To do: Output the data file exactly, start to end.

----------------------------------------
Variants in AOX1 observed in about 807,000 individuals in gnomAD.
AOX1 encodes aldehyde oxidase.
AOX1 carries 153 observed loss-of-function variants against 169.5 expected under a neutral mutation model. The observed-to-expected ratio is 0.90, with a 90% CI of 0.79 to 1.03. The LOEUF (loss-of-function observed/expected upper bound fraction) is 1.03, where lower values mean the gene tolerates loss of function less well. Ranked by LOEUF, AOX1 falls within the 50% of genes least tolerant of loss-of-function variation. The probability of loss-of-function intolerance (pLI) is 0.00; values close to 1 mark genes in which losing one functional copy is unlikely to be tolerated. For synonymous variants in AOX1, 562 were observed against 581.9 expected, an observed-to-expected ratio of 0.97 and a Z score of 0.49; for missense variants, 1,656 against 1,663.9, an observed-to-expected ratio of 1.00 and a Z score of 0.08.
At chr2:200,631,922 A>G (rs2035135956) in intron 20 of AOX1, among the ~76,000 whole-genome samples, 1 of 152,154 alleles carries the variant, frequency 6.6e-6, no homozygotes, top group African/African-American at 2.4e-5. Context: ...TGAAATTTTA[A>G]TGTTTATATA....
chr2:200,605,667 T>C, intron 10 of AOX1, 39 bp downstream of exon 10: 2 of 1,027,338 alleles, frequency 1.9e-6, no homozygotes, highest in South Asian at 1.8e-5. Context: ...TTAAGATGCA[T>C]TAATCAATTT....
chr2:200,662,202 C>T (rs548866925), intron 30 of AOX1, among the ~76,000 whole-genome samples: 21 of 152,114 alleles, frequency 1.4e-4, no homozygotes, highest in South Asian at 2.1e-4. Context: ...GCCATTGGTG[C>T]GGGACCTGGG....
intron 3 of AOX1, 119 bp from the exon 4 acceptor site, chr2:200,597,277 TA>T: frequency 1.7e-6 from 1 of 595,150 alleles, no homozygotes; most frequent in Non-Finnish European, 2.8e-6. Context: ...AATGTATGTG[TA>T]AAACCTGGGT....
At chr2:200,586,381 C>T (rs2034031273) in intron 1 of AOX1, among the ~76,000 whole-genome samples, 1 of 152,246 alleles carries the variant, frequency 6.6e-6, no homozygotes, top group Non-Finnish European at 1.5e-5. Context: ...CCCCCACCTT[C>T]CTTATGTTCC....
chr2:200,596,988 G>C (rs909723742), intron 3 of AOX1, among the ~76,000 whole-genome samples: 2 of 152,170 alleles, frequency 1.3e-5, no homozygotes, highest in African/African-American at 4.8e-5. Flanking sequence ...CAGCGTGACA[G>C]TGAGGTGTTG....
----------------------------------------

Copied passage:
Variants in AOX1 observed in about 807,000 individuals in gnomAD.
AOX1 encodes aldehyde oxidase.
AOX1 carries 153 observed loss-of-function variants against 169.5 expected under a neutral mutation model. The observed-to-expected ratio is 0.90, with a 90% CI of 0.79 to 1.03. The LOEUF (loss-of-function observed/expected upper bound fraction) is 1.03, where lower values mean the gene tolerates loss of function less well. Ranked by LOEUF, AOX1 falls within the 50% of genes least tolerant of loss-of-function variation. The probability of loss-of-function intolerance (pLI) is 0.00; values close to 1 mark genes in which losing one functional copy is unlikely to be tolerated. For synonymous variants in AOX1, 562 were observed against 581.9 expected, an observed-to-expected ratio of 0.97 and a Z score of 0.49; for missense variants, 1,656 against 1,663.9, an observed-to-expected ratio of 1.00 and a Z score of 0.08.
At chr2:200,631,922 A>G (rs2035135956) in intron 20 of AOX1, among the ~76,000 whole-genome samples, 1 of 152,154 alleles carries the variant, frequency 6.6e-6, no homozygotes, top group African/African-American at 2.4e-5. Context: ...TGAAATTTTA[A>G]TGTTTATATA....
chr2:200,605,667 T>C, intron 10 of AOX1, 39 bp downstream of exon 10: 2 of 1,027,338 alleles, frequency 1.9e-6, no homozygotes, highest in South Asian at 1.8e-5. Context: ...TTAAGATGCA[T>C]TAATCAATTT....
chr2:200,662,202 C>T (rs548866925), intron 30 of AOX1, among the ~76,000 whole-genome samples: 21 of 152,114 alleles, frequency 1.4e-4, no homozygotes, highest in South Asian at 2.1e-4. Context: ...GCCATTGGTG[C>T]GGGACCTGGG....
intron 3 of AOX1, 119 bp from the exon 4 acceptor site, chr2:200,597,277 TA>T: frequency 1.7e-6 from 1 of 595,150 alleles, no homozygotes; most frequent in Non-Finnish European, 2.8e-6. Context: ...AATGTATGTG[TA>T]AAACCTGGGT....
At chr2:200,586,381 C>T (rs2034031273) in intron 1 of AOX1, among the ~76,000 whole-genome samples, 1 of 152,246 alleles carries the variant, frequency 6.6e-6, no homozygotes, top group Non-Finnish European at 1.5e-5. Context: ...CCCCCACCTT[C>T]CTTATGTTCC....
chr2:200,596,988 G>C (rs909723742), intron 3 of AOX1, among the ~76,000 whole-genome samples: 2 of 152,170 alleles, frequency 1.3e-5, no homozygotes, highest in African/African-American at 4.8e-5. Flanking sequence ...CAGCGTGACA[G>C]TGAGGTGTTG....